It is not right that an investor looking to acquire their seventh or their tenth house receives more taxpayer assistance than an Australian seeking to buy their first home.

Our policy is about balance, fairness and giving working and middle class people to fulfil the great Australian dream of home ownership.


Budgets also reveal a government’s priorities- we certainly saw the truth of that in 2014 and 2015.

For all the confusion of the Government’s economic story – the underlying drumbeat has been constant: cuts to those who can least afford it.

In the last six months, the Liberals have changed:

-       their rhetoric

-       their tactics

-       their leader

-       their Treasurer

-       and half their Cabinet


But they haven’t changed their minds.

Their hit-list remains intact

  • The sinister whispering campaign against the NDIS - dialled up.
  • The plan to sell-off Medicare - gathering steam.
  • Schools, hospitals, TAFE and universities- lined up for another round of slash-and-burn.
  • Working Mums face another year of insults and uncertainty.
  • Families face savage cuts to essential payments. 


And despite the vital contribution they make to our economy and our society, young people always seem to always bear the brunt of the Liberal Party’s attacks:

-       Trying to increase university fees

-       Stripping away their penalty rates

-       Slashing support for job-seekers and apprentices

-       Undermining their superannuation

-       Wrecking the environment, their future

-       And prioritising the interests of speculators ahead of first-home buyers.


What on earth have young people done to deserve this?

No generation has been asked to make a greater provision for their own future than this young Australians.

-       This generation enter the workforce in bigger numbers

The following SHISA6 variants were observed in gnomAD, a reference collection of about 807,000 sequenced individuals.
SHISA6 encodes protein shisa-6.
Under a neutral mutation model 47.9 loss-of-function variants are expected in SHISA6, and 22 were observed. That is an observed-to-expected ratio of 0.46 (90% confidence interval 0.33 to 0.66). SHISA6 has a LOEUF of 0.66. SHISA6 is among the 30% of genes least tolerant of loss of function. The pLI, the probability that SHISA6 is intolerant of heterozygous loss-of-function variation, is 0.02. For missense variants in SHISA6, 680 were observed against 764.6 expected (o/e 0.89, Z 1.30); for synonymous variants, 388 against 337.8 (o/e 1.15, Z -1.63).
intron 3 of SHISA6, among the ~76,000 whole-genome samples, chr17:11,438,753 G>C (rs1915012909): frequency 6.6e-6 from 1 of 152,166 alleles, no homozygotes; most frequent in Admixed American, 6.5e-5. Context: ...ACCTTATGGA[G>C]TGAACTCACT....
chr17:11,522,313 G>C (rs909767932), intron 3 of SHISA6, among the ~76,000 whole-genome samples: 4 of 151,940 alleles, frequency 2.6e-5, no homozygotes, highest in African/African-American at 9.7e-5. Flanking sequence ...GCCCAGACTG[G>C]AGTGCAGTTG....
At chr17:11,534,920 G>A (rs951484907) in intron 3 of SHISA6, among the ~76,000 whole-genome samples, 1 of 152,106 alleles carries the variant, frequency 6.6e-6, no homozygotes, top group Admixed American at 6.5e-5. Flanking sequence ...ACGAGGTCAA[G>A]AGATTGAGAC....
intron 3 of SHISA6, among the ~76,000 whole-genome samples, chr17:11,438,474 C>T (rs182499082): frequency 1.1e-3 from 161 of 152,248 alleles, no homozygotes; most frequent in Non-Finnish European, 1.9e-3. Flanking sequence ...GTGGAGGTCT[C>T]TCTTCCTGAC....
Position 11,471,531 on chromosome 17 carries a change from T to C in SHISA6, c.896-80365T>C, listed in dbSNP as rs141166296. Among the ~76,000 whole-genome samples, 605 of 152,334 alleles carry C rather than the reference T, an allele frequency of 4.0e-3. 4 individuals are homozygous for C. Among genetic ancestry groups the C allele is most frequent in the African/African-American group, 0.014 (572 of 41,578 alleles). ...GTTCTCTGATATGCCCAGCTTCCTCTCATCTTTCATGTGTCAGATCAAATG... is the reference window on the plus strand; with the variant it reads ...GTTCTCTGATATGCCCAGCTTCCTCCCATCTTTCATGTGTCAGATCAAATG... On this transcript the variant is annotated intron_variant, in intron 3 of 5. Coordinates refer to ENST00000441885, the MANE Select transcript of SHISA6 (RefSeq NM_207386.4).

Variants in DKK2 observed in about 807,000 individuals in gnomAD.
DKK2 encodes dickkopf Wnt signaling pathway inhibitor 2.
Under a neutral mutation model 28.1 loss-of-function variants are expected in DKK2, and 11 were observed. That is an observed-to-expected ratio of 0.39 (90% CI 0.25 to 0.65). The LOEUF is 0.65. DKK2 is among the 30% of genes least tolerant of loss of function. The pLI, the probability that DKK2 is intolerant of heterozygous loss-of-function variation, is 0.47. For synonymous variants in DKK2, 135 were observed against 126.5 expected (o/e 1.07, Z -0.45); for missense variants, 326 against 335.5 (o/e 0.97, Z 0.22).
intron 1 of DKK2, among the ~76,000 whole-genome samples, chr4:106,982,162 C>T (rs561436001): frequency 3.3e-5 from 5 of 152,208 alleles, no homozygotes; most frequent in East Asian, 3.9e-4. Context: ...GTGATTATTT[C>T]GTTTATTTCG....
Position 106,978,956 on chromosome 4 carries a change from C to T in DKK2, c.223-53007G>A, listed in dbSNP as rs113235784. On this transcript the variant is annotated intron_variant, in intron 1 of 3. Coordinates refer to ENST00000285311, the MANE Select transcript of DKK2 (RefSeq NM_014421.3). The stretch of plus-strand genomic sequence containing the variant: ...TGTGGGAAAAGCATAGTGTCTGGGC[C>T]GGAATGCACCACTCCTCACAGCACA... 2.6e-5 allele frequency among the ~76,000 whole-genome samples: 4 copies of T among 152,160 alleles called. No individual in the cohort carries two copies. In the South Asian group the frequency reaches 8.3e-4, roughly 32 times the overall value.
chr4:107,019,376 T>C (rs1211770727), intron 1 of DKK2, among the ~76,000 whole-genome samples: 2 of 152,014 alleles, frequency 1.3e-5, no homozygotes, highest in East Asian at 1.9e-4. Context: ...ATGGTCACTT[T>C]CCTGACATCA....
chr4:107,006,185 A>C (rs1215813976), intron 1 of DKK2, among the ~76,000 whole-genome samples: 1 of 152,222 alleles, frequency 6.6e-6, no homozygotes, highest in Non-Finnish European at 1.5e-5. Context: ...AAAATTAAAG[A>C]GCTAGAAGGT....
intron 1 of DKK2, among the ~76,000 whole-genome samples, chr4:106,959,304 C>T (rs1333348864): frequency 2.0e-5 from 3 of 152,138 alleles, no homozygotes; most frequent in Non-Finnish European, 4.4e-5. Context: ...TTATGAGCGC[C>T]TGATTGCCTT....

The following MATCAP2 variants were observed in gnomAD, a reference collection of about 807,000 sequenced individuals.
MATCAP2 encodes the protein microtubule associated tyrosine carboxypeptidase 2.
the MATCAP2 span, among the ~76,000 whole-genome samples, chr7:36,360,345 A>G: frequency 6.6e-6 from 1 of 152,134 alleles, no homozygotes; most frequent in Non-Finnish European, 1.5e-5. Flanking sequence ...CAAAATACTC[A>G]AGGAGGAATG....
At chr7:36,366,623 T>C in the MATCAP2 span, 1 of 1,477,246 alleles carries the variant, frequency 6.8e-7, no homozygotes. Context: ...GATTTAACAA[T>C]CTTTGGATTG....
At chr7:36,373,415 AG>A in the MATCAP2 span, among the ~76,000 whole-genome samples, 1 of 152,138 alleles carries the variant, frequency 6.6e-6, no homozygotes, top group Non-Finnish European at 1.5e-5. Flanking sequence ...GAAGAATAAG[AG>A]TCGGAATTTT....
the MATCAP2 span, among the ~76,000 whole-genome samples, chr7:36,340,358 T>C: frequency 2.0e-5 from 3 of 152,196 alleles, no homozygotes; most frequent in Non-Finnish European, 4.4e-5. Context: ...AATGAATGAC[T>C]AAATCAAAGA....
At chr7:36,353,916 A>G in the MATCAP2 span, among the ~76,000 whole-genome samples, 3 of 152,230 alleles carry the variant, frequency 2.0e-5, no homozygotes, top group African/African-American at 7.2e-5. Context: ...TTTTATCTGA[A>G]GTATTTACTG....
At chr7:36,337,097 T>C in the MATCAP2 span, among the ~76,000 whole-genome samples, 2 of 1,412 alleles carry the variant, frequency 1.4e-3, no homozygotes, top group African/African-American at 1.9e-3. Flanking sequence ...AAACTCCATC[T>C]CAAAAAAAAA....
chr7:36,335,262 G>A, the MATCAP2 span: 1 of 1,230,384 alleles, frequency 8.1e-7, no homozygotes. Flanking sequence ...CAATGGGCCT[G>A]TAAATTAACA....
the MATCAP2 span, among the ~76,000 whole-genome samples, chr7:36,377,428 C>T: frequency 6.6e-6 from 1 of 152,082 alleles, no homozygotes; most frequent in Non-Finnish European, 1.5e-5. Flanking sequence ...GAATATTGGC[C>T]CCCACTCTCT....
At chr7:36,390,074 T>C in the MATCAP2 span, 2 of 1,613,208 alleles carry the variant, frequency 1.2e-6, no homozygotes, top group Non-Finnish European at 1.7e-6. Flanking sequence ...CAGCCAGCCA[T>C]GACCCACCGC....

-       They pay their Medicare long before most of them need it

-       Paying super to save over four decades of work.

-       And they make a greater contribution to the costs of their university than ever before.


The people who will build the next age of Australian prosperity, deserve better.


And every government always has a choice about how they allocate taxpayer resources.

They can choose to distribute them to people who already enjoy an advantaged position. 

Or they can use them to help disadvantaged people get an opportunity to better themselves.

Tackling inequality is a growth strategy, an economic strategy, a productivity strategy – a plan that grows our middle class and our national wealth.

This is why Labor invests in a decent social safety net, with carefully-targeted support for working class families, job-seekers and pensioners.

We will invest in essential economic building blocks like education, from the early years right through:

  • Needs-based funding for our schools.
  • Backing public TAFE, not dodgy private providers
  • And keeping university affordable.


Education is a growth strategy and no country in human history has gotten smarter by increasing the price its citizens pay for learning.

We will invest in primary care, keeping Australians healthy and productive.

Universal Medicare is not only a basic instrument of equality of opportunity.

It is also a productivity measure. It is a growth strategy.


-       increases participation

-       enhances our international competitiveness

-       it improves the fiscal sustainability of our health system.


Even more than that, Medicare is an Australian community standard.

Medicare talks to each of us about who we are as a society.

Under Labor, Medicare is not for sale.

We will invest in infrastructure to unlock the productive capacity of our cities and regions.

  • Turbo-charging Infrastructure Australia with a new $10 billion financing facility.
  • A new generational focus on decision-making – quarantined from petty political bickering.
  • And removing the hurdles which discourage superannuation funds from the infrastructure market.


It’s time to encourage some of Australia’s $2.3 trillion of national savings, into value-for-money nation-building projects.

-       Improving the liveability of our cities

-       Linking up our regional towns

-       Boosting amenity in our great suburbs.


And creating jobs and growth through a stable pipeline of construction, while guaranteeing superannuation savers a reliable and reasonable return.